As we gear up for the 2020 election and the new decade, a trend that I would love to see die is shaming Black people for existing. Black people can’t enjoy a chicken sandwich, twerking, hair, or breathing without someone coming out of the woodwork to tell us that we’re a detriment to the race or that we need to work on an LLC. Can’t we just enjoy things?
We haven’t even reached 2020, and I’ve already seen Mayor Pete Buttigieg call Black people homophobic for not supporting for him. That assumption is racist first of all. Secondly, the lack of Black support could be due to Buttigieg siding with police officers in response to shootings of Black people as well as his neglect of South Bend’s Black population. Maybe if he focused more on examining his relationship with white supremacy instead of projecting his personal failures onto Black people, he’d stand a chance in this election.
Speaking of elections, can we stop blaming the moral failings of the white majority on the Black vote? The magical Black vote won’t save anyone; it’s simply a scapegoat.
Black people make up roughly 13 percent of the US population. Despite voter suppression, we vote in the same numbers as white people. Considering that white people make up around 76 percent of the population, if white people make up their mind about who they want for president, there’s nothing a Black vote can do to stop it. Point, blank, period.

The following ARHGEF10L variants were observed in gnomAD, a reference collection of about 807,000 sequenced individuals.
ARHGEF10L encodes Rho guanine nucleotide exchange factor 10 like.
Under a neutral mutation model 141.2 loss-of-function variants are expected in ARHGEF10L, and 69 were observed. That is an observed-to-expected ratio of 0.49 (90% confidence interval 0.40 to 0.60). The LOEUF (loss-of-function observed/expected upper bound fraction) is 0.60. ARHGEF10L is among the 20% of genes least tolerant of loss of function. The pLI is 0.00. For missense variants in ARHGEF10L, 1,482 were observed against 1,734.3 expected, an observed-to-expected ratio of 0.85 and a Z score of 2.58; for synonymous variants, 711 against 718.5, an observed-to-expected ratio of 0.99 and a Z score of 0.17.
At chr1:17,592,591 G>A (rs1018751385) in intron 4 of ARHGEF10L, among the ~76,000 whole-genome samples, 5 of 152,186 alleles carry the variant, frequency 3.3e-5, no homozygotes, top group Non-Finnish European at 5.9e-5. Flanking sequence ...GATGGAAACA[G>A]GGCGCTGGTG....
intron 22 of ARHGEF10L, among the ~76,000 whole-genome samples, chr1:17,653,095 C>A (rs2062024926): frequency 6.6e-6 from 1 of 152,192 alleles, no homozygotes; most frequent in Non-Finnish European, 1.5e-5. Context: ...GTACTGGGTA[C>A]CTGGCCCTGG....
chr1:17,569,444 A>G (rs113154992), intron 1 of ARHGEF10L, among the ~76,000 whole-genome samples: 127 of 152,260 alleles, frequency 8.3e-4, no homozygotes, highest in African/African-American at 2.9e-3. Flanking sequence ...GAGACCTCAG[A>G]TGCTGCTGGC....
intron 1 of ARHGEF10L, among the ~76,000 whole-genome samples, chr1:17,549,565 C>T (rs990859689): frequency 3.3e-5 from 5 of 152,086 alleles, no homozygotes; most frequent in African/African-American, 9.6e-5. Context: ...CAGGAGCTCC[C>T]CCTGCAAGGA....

This idea that Black people are apathetic about the electoral process or that we’re too lazy to get out to vote is all part of white supremacy (the idea that whiteness is inherently right, good, and moral while everything other is not). When we shame Black people for not voting, we are not only playing into white supremacy but are actively dismissing the ways in which white supremacy actively stops Black people from voting.
After Reconstruction and the 15th amendment which allowed Black men to vote, hundreds of Black men were elected to government positions. The KKK formed to murder any Black men attempting to vote.
In places like Mississippi, politicians gathered in 1890 to adopt a new constitution when they saw that Black voters outnumbered white ones. James K. Vardaman, one of the framers of this new constitution was quoted as saying, “ Mississippi’s constitutional convention of 1890 was held for no other purpose than to eliminate the nigger from politics.”
Even today, practices such as voter ID laws and felon disenfranchisement serve to weaken the Black vote. Weakening the Black vote isn’t so much about the power of a Black vote as much as Black people asserting our humanity. Disenfranchisement is a tool used to dehumanize.
Despite these things, we still hear condescension within the community about not voting without acknowledging the ways in which the state actively suppresses our votes. Instead of shaming Black people for being abused by white supremacy, maybe we should work together to ensure all of us have a vote and a voice in this country.
So in this next year, I would love to see less shaming of Black people. Whoever the next president is has nothing to do with whether we exercised our right to vote or not. It is not our job, and we are simply unable to save this country. Whatever thing a majority of Black people like next, let them. We deserve to find happiness in the little moments of our existence. We deserve joy and a good chicken sandwich.